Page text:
throw new Exception("CloseHandle failed");


Step 3 - Using the class

Well, here comes the fun part. Using the class in order to read Minesweeper memory and reveal the map. In order to use the class you must first instantiate it:

ProcessMemoryReaderLib.ProcessMemoryReader pReader
                   = new ProcessMemoryReaderLib.ProcessMemoryReader();

then, you need to set the process you want to read its memory, here is an example of how to get the Minesweeper progress, once it is loaded, and set it as the ReadProcess property:

System.Diagnostics.Process[] myProcesses
                   = System.Diagnostics.Process.GetProcessesByName("winmine");
pReader.ReadProcess = myProcesses[0];
and all we need to do now is Open the process, read the memory, and close it when we finish. Again, here is an example of how its been done. Here I read the memory address that represent the Width of the map.

int iWidth;
byte[] memory;
memory = pReader.ReadProcessMemory((IntPtr)0x1005334,1,out bytesReaded);
iWidth = memory[0];


that simple!

In conclusion I present you the full code that reveals the map of mines. Don't forget, all the memory places I'm accessing are places found in the first section of this article..

// resource manager for the picture of the mine
System.Resources.ResourceManager resources = new System.Resources.ResourceManager(typeof(Form1));

ProcessMemoryReaderLib.ProcessMemoryReader pReader
                   = new ProcessMemoryReaderLib.ProcessMemoryReader();

System.Diagnostics.Process[] myProcesses
               = System.Diagnostics.Process.GetProcessesByName("winmine");

// take first instance of minesweeper you find
if (myProcesses.Length == 0)
    MessageBox.Show("No MineSweeper process found!");
pReader.ReadProcess = myProcesses[0];

// open process in read memory mode

int bytesReaded;
int iWidth, iHeight, iMines;
int iIsMine;
int iCellAddress;
byte[] memory;

memory = pReader.ReadProcessMemory((IntPtr)0x1005334,1,out bytesReaded);
iWidth = memory[0];
txtWidth.Text = iWidth.ToString();

memory = pReader.ReadProcessMemory((IntPtr)0x1005338,1,out bytesReaded);
iHeight = memory[0];
txtHeight.Text = iHeight.ToString();

memory = pReader.ReadProcessMemory((IntPtr)0x1005330,1,out bytesReaded);
iMines = memory[0];
txtMines.Text = iMines.ToString();

// delete the previous button array

// create new button array, for drawing the mine map
ButtonArray = new System.Windows.Forms.Button[iWidth,iHeight];

int x,y;
for (y=0 ; y<iHeight ; y++)
    for (x=0 ; x<iWidth ; x++)
        ButtonArray[x,y] = new System.Windows.Forms.Button();
        ButtonArray[x,y].Location = new System.Drawing.Point(20 + x*16, 70 + y*16);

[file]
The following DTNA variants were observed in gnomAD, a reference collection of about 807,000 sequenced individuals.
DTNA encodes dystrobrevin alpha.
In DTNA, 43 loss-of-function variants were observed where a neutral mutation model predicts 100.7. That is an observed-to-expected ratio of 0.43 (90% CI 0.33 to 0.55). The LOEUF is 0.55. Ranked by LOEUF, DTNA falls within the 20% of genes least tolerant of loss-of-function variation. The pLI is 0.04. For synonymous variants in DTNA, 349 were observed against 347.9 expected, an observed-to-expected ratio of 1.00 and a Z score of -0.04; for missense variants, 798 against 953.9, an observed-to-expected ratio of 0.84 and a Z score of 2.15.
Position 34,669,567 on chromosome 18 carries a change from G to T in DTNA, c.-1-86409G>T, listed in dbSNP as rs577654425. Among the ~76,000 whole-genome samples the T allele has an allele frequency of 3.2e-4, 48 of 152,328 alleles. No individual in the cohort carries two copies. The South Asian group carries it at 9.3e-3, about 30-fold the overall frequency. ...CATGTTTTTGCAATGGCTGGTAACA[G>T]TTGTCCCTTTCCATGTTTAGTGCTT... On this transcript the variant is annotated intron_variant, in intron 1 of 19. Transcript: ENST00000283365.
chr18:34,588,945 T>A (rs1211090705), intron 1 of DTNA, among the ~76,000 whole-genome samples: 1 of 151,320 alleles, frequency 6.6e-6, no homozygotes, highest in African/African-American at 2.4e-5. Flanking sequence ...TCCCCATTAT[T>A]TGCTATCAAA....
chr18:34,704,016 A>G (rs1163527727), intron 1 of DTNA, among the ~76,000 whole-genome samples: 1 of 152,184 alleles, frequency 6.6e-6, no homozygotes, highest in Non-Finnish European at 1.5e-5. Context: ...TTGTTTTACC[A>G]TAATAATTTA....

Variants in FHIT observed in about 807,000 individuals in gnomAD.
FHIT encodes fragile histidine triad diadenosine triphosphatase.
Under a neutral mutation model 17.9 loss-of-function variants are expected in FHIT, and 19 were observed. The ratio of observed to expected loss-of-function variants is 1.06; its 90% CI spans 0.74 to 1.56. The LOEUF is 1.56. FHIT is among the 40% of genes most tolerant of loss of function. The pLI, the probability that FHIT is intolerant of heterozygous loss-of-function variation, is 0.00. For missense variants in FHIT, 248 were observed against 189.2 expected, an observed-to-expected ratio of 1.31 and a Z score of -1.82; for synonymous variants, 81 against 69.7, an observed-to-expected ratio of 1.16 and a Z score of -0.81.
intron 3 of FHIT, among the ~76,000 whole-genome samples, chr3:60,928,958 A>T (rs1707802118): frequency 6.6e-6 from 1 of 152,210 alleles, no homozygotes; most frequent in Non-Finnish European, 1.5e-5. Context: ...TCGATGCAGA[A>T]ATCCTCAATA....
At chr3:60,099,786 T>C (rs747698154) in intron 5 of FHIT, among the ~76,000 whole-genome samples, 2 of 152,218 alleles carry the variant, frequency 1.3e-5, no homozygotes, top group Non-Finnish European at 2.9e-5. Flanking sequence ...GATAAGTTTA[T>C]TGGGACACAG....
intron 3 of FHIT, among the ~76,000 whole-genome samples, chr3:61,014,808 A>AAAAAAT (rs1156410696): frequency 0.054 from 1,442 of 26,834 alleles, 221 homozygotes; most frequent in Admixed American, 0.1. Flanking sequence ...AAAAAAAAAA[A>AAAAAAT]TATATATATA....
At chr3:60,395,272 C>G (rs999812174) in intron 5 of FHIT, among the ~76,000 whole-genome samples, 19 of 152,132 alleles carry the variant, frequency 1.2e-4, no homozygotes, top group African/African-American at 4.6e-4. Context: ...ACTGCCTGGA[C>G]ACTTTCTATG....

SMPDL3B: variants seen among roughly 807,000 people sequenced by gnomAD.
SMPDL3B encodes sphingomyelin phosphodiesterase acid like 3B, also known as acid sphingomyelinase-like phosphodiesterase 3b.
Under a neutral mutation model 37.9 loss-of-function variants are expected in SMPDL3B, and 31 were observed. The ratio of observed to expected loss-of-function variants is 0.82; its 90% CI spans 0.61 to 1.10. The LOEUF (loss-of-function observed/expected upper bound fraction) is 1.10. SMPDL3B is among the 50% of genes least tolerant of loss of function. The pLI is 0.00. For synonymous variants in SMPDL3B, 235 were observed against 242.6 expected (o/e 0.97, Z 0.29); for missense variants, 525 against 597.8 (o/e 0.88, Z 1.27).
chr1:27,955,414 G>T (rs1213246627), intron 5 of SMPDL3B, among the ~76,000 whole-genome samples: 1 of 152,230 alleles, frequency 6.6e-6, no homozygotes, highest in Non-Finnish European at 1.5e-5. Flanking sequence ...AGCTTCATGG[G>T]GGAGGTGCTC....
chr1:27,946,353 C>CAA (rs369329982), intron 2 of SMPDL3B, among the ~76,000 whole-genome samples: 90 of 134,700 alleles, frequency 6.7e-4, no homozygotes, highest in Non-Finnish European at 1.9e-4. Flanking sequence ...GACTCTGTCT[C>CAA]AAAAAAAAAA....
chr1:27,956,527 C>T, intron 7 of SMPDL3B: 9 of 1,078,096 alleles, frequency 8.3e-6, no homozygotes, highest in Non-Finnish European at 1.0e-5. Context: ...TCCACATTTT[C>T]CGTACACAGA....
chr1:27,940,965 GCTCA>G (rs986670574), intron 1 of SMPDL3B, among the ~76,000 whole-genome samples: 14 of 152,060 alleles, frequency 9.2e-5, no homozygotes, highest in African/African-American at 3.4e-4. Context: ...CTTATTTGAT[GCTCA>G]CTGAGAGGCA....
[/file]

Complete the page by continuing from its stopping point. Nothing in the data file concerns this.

ButtonArray[x,y].Name = "";
        ButtonArray[x,y].Size = new System.Drawing.Size(16,16);

        iCellAddress = (0x1005340) + (32 * (y+1)) + (x+1);
        memory = pReader.ReadProcessMemory((IntPtr)iCellAddress,1,out bytesReaded);
        iIsMine = memory[0];

        if (iIsMine == 0x8f)
            ButtonArray[x,y].Image = ((System.Drawing.Bitmap)


// close process handle

That's it. Hope you leaned something new.


  • 14 Jan 2003 - updated demo code


This article, along with any associated source code and files, is licensed under The Microsoft Public License (Ms-PL)


About the Author

Arik Poznanski
Software Developer (Senior) Verint
Israel Israel
Arik Poznanski is a senior software developer at Verint. He completed two B.Sc. degrees in Mathematics & Computer Science, summa cum laude, from the Technion in Israel.

Arik has extensive knowledge and experience in many Microsoft technologies, including .NET with C#, WPF, Silverlight, WinForms, Interop, COM/ATL programming, C++ Win32 programming and reverse engineering (assembly, IL).

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Comments and Discussions

GeneralWindows Vista Pin
Akshay Chandrasekhar17-Sep-07 21:49
memberAkshay Chandrasekhar17-Sep-07 21:49 
GeneralRe: Windows Vista Pin
Chris Kolkman10-Oct-07 8:49
memberChris Kolkman10-Oct-07 8:49 
GeneralRe: Windows Vista Pin
Akshay Chandrasekhar9-Nov-07 17:45
memberAkshay Chandrasekhar9-Nov-07 17:45 
Thanks Chris but I am afraid your code isn't working. In windows vista, I believe that iWidthAddress, iHeightAddress and iMinesAddress are not universal. They change from machine to machine. This can be validated by debugging "Minesweeper.exe" on two different machines. The address space will be different. I am therefore trying to find another way to solve this problem. Please tell me what you think.

GeneralRe: Windows Vista Pin
Chris Kolkman13-Nov-07 2:42
memberChris Kolkman13-Nov-07 2:42 
GeneralRe: Windows Vista Pin
spearwall26-Jan-08 18:31
memberspearwall26-Jan-08 18:31 
GeneralRe: Windows Vista Pin
Chris Kolkman28-Jan-08 7:14
memberChris Kolkman28-Jan-08 7:14 
GeneralRe: Windows Vista Pin
sk9324-Apr-08 12:32
membersk9324-Apr-08 12:32